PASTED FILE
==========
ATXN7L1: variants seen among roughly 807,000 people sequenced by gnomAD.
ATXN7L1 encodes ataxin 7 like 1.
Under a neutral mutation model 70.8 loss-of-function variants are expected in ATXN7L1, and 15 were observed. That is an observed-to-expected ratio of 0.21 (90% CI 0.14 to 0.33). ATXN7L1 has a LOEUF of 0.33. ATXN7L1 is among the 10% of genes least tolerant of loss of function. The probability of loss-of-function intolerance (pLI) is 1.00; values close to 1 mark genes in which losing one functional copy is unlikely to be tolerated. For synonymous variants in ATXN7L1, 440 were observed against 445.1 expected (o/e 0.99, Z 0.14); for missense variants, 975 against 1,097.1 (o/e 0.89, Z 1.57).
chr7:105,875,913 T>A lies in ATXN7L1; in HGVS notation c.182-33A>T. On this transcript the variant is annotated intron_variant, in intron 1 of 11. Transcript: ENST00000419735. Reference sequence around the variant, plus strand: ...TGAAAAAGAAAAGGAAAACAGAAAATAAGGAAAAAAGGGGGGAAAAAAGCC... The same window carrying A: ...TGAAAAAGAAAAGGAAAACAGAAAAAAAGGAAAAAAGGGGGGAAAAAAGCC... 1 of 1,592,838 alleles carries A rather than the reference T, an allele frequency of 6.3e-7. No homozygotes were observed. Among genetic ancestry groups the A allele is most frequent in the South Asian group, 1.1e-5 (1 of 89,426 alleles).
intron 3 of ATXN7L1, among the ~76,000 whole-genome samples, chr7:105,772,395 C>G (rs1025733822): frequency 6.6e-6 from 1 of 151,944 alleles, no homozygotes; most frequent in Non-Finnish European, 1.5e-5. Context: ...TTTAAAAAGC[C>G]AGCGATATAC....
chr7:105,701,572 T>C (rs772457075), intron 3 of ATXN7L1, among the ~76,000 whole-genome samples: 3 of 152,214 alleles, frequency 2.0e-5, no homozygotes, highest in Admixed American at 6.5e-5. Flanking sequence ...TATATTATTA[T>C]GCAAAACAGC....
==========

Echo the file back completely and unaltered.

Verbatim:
ATXN7L1: variants seen among roughly 807,000 people sequenced by gnomAD.
ATXN7L1 encodes ataxin 7 like 1.
Under a neutral mutation model 70.8 loss-of-function variants are expected in ATXN7L1, and 15 were observed. That is an observed-to-expected ratio of 0.21 (90% CI 0.14 to 0.33). ATXN7L1 has a LOEUF of 0.33. ATXN7L1 is among the 10% of genes least tolerant of loss of function. The probability of loss-of-function intolerance (pLI) is 1.00; values close to 1 mark genes in which losing one functional copy is unlikely to be tolerated. For synonymous variants in ATXN7L1, 440 were observed against 445.1 expected (o/e 0.99, Z 0.14); for missense variants, 975 against 1,097.1 (o/e 0.89, Z 1.57).
chr7:105,875,913 T>A lies in ATXN7L1; in HGVS notation c.182-33A>T. On this transcript the variant is annotated intron_variant, in intron 1 of 11. Transcript: ENST00000419735. Reference sequence around the variant, plus strand: ...TGAAAAAGAAAAGGAAAACAGAAAATAAGGAAAAAAGGGGGGAAAAAAGCC... The same window carrying A: ...TGAAAAAGAAAAGGAAAACAGAAAAAAAGGAAAAAAGGGGGGAAAAAAGCC... 1 of 1,592,838 alleles carries A rather than the reference T, an allele frequency of 6.3e-7. No homozygotes were observed. Among genetic ancestry groups the A allele is most frequent in the South Asian group, 1.1e-5 (1 of 89,426 alleles).
intron 3 of ATXN7L1, among the ~76,000 whole-genome samples, chr7:105,772,395 C>G (rs1025733822): frequency 6.6e-6 from 1 of 151,944 alleles, no homozygotes; most frequent in Non-Finnish European, 1.5e-5. Context: ...TTTAAAAAGC[C>G]AGCGATATAC....
chr7:105,701,572 T>C (rs772457075), intron 3 of ATXN7L1, among the ~76,000 whole-genome samples: 3 of 152,214 alleles, frequency 2.0e-5, no homozygotes, highest in Admixed American at 6.5e-5. Flanking sequence ...TATATTATTA[T>C]GCAAAACAGC....